Excerpt from the article:
The stones I install are tangible proof of the existence of people who never had any burial or grave because they died in gas chambers,” says the German artist Günter Demnig. On February 2, 2016, he laid his first two memory stones – Stolpersteine – in Wrocław.
Most of the Stolpersteine have been installed in Germany. When Demnig brought up the idea of his project in Poland, back in the late 1990’s, almost every bureaucrat in every city administration he approached had their own idea as to how to improve on it. Some wanted the Stolpersteine to be installed on building walls (so they would not be stepped on); others were worried the plates would be stolen (because they are made of brass, which is expensive); others thought the memory stones should only be laid for famous people. Demnig was supposed to lay a stone in Warsaw, but the legal procedure was so complicated and blocked by so many institutions that the families had to give up. The project was finally carried out in Wrocław after many years of bureaucratic struggle.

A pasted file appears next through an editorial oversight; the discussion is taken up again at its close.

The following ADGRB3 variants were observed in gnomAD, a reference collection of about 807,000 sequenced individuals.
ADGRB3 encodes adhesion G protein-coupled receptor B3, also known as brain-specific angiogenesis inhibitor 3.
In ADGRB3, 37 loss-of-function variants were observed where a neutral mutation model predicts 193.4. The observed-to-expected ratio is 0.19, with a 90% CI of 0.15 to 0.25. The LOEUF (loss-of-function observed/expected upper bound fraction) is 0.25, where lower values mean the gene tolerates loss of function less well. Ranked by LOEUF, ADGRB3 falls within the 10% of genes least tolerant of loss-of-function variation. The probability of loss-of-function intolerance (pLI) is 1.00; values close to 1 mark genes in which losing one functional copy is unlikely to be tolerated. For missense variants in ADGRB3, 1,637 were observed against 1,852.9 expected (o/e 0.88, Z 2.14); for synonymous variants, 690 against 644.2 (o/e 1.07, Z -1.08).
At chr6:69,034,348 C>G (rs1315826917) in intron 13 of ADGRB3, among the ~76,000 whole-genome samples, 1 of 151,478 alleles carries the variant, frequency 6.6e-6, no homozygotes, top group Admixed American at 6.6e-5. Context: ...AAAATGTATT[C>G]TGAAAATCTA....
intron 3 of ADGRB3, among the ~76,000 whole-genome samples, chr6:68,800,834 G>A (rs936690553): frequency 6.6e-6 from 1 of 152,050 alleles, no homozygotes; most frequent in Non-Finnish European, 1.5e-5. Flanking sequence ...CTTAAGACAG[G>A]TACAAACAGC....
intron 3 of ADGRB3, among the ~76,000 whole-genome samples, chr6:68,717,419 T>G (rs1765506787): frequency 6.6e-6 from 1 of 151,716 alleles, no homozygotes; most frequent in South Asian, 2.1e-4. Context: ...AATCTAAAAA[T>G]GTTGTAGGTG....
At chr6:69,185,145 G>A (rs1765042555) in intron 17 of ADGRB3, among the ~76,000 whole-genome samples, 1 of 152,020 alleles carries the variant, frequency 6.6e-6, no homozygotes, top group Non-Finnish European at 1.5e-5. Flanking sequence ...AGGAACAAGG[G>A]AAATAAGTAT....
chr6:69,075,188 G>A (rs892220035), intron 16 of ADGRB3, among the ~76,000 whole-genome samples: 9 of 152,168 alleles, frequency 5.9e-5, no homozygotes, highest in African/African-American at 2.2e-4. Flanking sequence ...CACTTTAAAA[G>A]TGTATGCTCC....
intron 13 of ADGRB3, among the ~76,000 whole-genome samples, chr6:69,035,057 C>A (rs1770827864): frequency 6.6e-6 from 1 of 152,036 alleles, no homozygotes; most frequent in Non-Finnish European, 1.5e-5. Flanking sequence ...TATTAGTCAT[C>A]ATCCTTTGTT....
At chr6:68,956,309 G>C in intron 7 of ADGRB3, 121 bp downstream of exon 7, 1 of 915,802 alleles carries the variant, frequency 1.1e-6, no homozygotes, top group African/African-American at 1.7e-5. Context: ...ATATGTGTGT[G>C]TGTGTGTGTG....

It wasn’t easy, though. Michael Zorek, whose family was the first to be commemorated in Wrocław, spent almost two years getting all the necessary permits. He says that it was finally possible only thanks to his own tenacity and persistence. Perhaps he also had a bit of luck; city officials didn’t realize the whole process would take so long and they tried to help Michael as best they could. Michael made hundreds of phone calls and wrote hundreds of emails, all this despite the fact that he doesn’t speak a word of Polish. He would have never succeeded if all he did was follow the advice given to him in various city departments. But Michael was persistent and creative. When he was told that he needed to provide an up-to-date photo of the townhouse where his father used to live, he found it on Google Earth and then emailed the owner of a nearby bakery and asked her to take a photo of the house for him.
Translation: Aga Zano
Proofreading: Barbara Pendzich